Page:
0
\$\begingroup\$

I am trying to understands the basics of an analog oscilloscope trigger. As stated here,

Instead of collecting a single snapshot of the input signal, an oscilloscope repeatedly updates the display with newly collected snapshots. Each snapshot is called a trace.

The trigger is used to not overlap the successive traces of the signal on the screen.

Each trace begins when a trigger event occurs: that is, when the signal has a specific slope (positive or negative) and a specific voltage level. If I understood correctly, the trace begins each time a trigger event occurs. However, this would imply that the oscilloscope can show in its display just one period of the signal. Instead, there is plenty of images of oscilloscope displays, using the trigger, with multiple periods of the signal.

For example, from this page:

enter image description here

It seems that in all these examples the trigger is ignored for an arbitrary number of periods after the trigger event.

How is it possible? Isn't this a contradiction?


Edit:

The trigger is used to not overlap the successive traces of the signal on the screen.

Sorry, I was meaning exactly the opposite. One of the answers points this out.

\$\endgroup\$

2 Answers 2

2
\$\begingroup\$

Once triggered the trace runs to completion (at whatever speed you set the timebase to). Any trigger events occurring during the trace are ignored. After a trace has completed the next trigger event that occurs will start the next trace.

The trigger is used to not overlap the successive traces of the signal on the screen.

Overlap can be interpreted in somewhat different ways. In this case we use the trigger so that each successive trace is drawn in the same place as its predecessor. So if we have a stable input signal we see an apparently static trace on the scope, even though it's actually being continuously redrawn from different samples of the input signal.

\$\endgroup\$
1
  • 1
    \$\begingroup\$ Most scopes have a user-defined holdoff setting to delay longer than the minimum amount before arming the trigger circuitry to capture the next trace. \$\endgroup\$ Commented Mar 9, 2021 at 20:17
2
\$\begingroup\$

The difference in quality of scopes is often measured by how good the trigger circuit works to prevent aliasing on the screen with the signal in chop mode or how fast it can retrigger in alternate mode and how clean it can separate signal from noise or noise from signal. So the Channel chopper would have a PLL that ensures chopping is a blur compared to sweep rate triggered with an offset frequency to the signal chopper. (Details...)

DSO’s are different in acquisition but have similar trigger requirements.

But there are a variety of signals that have noise that you may wish to trigger on instead of the steady signal, then you decide LF reject or HF reject AC or DC couple, select the source, the time delay on waiting for next trace or delay for expanded sweep. Other triggers include TV which AC couples then clamps to negative sync pulse to restore DC then you can adjust sweep for a whole horizontal signal or a vertical signal or alternate sweeps etc.

TEK used to make the best triggers. HP not bad, Rigol don’t know.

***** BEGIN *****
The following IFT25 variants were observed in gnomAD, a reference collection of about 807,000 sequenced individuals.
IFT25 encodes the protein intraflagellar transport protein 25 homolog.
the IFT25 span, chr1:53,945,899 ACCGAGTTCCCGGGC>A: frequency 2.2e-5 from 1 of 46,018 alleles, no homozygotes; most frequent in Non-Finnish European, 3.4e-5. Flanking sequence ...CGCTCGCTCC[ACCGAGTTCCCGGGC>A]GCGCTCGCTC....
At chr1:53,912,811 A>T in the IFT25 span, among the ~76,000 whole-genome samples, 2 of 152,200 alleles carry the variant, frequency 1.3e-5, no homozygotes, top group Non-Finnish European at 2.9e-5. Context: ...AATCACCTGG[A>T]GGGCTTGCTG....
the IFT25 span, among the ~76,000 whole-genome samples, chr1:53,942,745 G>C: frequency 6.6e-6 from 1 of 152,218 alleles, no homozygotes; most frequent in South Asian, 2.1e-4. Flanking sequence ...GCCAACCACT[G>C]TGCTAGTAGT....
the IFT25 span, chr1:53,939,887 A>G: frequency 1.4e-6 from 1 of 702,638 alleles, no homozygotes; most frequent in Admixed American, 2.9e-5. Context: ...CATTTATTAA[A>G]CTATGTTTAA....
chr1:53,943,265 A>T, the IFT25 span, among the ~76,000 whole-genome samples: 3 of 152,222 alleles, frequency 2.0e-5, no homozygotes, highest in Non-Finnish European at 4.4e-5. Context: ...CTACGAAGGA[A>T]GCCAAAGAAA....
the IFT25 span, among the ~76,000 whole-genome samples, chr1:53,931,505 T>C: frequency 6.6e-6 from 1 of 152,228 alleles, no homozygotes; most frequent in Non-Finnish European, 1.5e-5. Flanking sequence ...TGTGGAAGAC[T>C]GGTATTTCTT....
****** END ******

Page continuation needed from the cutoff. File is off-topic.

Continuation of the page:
The nice thing about analog scopes is they often allowed you to viewed the filtered trigger signal so you got an extra trace for free. ;)

I used to get creative and use the external X sawtooth ramp signal to inject into an HDD servo then view the data signal as the heads moved across +/10% of track back and forth to see how the signal integrity changed (Adjacent track interference, (ATI) with Position error signal (PES) during write) to validate specs for design reviews or second sourcing “R/W heads”. One could do the same thing with an FM signal on a RX or a radar with Doppler so the X trigger was synchronous with the FM or servo position error at some sweep rate it could manage.

To get even fancier, I would select channel 2 for trigger then use Vertical channel out on the rear BNC selected by trigger source then adjust the gain and position for DC offset to test Power supplies with a swept current using the signal to control load current with a power transistor. then check the stability by inverting the Ch2 polarity for next bunch of sweeps. (A-B mode)

Sorry for too much detail, some may recollect the same.

\$\endgroup\$
3
  • \$\begingroup\$ Thanks for your post, it includes many tweaks and tips due to a massive experience. However, I struggle to find here an answer to my question. \$\endgroup\$
    – BowPark
    Commented Mar 9, 2021 at 21:27
  • \$\begingroup\$ The sweep time has nothing to do with the trigger event. It only determines how much the signal is expanded or compressed. The only thing you cannot do is retrigger on the same cycle or even the next cycle in analog scopes because of the inherent blank time for the 25kV ish flyback transformer to reset the flux and thus create a really high voltage sawtooth. \$\endgroup\$ Commented Mar 9, 2021 at 21:30
  • \$\begingroup\$ This allows starting the trace in exactly the same position. which is adjustable by X offset. But the time must be short but often measured by experts for quality and BW of scope. maybe 10% of the fastest sweep rate is allowed for blank time with no chance to retrigger during that time. Of course slow pulses can be displayed consecutively and DSO's have an advantage while they capture before and after and put the triggered signal in the middle of the trace if you want. \$\endgroup\$ Commented Mar 9, 2021 at 21:33

Your Answer

By clicking “Post Your Answer”, you agree to our terms of service and acknowledge you have read our privacy policy.

Not the answer you're looking for? Browse other questions tagged or ask your own question.